Authors: Lorella Ceschini, Alessandro Morri, Fabio Rotundo, Tea Sung Jun, Alexander M. Korsunsky
Abstract: The aim of the present work is to evaluate the possibility of using the Linear Friction Welding (LFW) technique to produce similar and dissimilar joints between a 2024 Al alloy and a 2124Al/25vol.%SiCP composite. In this solid state joining process the bonding of two flat edged components is achieved through frictional heating induced by their relative reciprocating motion, under an axial compressive force. Microstructural characterization of the welds was carried out by optical and scanning electron microscopy, to investigate the effect of LFW both on the aluminium alloy matrix and the reinforcement particles. The mechanical behaviour of the welded specimens was studied by means of hardness and tensile tests. The mechanisms of failure were investigated by SEM analyses of the fracture surfaces. LFW joints in MMCs resulted substantially defect free, with a uniform particle distribution, while a partial lack of bonding at the corners was observed in the others welds. The hardness decreased by approximately 10% in the welded zone, with some data fluctuations due to the complex microstructural modifications introduced by the LFW process. The joint efficiency, evaluated in respect to the UTS, was 90% for the Al alloy joints and 80% for the MMC joints. A decrease in the elongation to failure was measured in all the LFW specimens, probably related to the orientation of the plastic flow in the TMAZ, where the fracture generally occurred.
Authors: Nasuha Sa'ude, Mustaffa Ibrahim, Ibrahim Raman
Abstract: This paper presents the development of a new polymer-ceramic composite material for use in injection molding machine. The material consists of palm oil fly ash (POFA) in a high density polyethylene (HDPE) powder. In this study, the effect of POFA was investigated as a filler material in polymer-ceramic matrix composite and HDPE was chosen as a matrix material. The detailed formulations of mixing ratio with various combinations of the new polymer-ceramic composite are investigated experimentally. Based on the result obtained, it was found that, the weight percentage increment of POFA filler affected the flexural and hardness strength. This work represents a major development in recycling of waste material from palm oil empty fruit bunch out of the refinery to produce polymer/ceramic matrix composite.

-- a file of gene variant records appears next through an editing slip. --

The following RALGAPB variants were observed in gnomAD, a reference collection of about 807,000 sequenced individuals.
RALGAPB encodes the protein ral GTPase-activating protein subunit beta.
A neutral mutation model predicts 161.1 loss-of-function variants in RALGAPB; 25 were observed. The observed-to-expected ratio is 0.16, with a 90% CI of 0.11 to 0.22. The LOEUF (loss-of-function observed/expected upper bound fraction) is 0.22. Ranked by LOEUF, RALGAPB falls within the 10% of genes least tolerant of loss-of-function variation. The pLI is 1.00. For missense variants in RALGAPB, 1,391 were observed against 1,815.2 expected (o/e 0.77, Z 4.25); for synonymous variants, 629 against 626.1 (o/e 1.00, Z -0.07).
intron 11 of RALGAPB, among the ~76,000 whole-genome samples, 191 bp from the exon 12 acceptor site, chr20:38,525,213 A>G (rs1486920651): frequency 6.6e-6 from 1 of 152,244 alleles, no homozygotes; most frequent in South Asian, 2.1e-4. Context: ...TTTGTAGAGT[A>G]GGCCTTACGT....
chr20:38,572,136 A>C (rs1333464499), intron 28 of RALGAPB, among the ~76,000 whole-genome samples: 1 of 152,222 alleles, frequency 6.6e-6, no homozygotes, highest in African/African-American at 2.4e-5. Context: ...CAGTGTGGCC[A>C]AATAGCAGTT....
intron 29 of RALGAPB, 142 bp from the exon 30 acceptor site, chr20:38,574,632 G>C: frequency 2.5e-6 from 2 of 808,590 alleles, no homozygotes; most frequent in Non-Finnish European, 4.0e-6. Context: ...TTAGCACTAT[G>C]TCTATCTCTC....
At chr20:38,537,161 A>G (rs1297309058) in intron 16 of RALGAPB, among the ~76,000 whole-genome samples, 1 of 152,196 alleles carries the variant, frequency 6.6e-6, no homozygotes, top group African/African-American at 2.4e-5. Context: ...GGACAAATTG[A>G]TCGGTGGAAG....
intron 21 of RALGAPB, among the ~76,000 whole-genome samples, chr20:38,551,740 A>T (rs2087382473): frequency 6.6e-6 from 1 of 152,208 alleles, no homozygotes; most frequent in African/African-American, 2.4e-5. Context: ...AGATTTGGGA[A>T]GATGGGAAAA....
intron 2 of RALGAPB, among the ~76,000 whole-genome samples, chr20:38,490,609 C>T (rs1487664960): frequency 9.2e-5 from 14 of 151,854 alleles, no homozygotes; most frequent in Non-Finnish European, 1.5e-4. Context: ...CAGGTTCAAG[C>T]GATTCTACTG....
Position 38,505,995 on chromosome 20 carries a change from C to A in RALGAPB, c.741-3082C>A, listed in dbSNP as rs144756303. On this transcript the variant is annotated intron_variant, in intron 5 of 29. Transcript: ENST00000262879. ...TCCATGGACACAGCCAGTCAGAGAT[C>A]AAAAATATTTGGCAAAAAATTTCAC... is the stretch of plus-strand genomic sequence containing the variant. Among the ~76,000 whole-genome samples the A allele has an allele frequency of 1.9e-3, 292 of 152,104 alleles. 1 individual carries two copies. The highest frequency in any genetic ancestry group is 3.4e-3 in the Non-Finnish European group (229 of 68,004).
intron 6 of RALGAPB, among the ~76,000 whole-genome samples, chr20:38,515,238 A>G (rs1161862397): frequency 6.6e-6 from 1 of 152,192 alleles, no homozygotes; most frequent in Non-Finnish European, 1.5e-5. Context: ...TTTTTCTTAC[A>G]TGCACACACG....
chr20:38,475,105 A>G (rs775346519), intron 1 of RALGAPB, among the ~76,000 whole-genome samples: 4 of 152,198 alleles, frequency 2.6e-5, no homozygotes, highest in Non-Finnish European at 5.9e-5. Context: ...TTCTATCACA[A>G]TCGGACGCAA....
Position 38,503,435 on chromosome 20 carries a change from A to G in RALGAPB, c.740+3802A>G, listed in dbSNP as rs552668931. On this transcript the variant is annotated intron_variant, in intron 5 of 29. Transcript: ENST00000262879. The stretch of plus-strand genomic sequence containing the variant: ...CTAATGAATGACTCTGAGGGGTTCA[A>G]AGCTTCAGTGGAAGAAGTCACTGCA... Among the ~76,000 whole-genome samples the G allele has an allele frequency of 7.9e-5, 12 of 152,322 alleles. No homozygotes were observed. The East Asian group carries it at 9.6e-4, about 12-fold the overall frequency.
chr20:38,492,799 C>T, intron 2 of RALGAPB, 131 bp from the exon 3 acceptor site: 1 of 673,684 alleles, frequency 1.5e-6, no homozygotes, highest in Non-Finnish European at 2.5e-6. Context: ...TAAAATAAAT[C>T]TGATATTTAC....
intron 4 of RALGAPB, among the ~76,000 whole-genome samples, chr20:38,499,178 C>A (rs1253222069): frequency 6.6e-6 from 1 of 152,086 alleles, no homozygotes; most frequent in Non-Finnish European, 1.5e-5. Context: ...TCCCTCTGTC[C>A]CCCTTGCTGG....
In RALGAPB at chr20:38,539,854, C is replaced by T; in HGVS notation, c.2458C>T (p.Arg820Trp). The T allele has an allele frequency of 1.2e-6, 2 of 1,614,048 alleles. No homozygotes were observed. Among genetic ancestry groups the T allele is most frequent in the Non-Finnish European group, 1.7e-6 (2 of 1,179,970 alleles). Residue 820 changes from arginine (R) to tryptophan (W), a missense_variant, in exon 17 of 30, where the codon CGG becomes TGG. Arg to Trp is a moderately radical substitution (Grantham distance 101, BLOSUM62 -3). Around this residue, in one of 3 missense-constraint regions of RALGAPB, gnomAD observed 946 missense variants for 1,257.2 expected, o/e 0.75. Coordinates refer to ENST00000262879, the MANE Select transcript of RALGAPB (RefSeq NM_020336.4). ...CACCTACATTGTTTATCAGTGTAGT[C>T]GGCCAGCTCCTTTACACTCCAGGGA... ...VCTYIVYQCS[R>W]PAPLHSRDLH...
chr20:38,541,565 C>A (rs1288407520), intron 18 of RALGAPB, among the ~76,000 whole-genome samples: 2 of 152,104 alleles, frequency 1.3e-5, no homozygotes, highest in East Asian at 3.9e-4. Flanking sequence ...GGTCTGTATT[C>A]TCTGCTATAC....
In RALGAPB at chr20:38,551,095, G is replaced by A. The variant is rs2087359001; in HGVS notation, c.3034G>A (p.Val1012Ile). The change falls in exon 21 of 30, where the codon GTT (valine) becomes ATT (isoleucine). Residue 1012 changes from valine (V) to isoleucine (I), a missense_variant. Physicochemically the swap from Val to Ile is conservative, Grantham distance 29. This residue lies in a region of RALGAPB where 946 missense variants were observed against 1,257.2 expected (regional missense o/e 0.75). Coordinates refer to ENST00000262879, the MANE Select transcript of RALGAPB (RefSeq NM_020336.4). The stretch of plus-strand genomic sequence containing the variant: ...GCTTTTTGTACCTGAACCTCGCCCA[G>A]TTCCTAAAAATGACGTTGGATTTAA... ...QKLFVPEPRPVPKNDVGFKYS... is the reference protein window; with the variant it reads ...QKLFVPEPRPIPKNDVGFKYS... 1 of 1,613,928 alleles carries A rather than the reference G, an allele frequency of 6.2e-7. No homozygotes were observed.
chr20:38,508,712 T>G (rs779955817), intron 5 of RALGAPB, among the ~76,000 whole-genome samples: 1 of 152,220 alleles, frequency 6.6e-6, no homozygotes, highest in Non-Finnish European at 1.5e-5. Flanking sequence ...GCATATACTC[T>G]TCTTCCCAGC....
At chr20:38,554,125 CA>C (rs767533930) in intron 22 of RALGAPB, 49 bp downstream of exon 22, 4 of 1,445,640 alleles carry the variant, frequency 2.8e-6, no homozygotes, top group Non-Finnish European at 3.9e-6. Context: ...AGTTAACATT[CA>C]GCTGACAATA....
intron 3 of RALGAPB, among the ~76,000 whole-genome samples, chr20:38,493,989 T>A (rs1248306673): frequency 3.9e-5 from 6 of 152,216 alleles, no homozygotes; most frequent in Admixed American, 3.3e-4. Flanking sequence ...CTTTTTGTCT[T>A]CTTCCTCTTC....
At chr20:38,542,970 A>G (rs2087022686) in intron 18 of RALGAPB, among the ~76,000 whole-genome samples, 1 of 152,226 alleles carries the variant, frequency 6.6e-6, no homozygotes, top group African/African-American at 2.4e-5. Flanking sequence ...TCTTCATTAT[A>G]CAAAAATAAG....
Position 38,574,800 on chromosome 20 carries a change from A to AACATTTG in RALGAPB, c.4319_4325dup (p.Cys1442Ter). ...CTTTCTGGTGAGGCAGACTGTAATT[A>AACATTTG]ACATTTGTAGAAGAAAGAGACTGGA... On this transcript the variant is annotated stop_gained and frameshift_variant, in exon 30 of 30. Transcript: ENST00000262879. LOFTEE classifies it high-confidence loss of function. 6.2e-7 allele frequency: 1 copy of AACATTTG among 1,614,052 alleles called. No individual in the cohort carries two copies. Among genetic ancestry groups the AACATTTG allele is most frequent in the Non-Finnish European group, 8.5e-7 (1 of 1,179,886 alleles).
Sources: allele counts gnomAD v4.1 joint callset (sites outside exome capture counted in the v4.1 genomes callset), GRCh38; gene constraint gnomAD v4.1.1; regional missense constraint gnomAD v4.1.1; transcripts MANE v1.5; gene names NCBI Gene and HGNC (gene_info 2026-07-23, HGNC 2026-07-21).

Authors: Yu Mei Dai, Yong Qing Ma, Yan Bin Wu, Ya Nan Ji
Abstract: 6CrW2MoVSi steel has a refined and even microstructure after heat treatment, the average size of annealing carbide is 0.6 μm; quenching martensite is mainly lath-shaped martensite and only a small amount of acicular martensite, and the size of quenching acicular at 950 °C is smaller than 2.5 μm. The curve of quenching hardness increasing with quenching temperature rising is divided into three sections. In the middle section of quenching between 910 °C ~ 980 °C, quenching hardness presents slow rising trend. After higher temperature quenching, there are low and high temperature tempering precipitation hardening zones. At 220 °C ~ 240 °C tempering temperature, precipitation hardness is HRC54 ~ 58. At 540 °C ~ 570 °C tempering temperature, precipitation hardness is HRC52 ~ 56.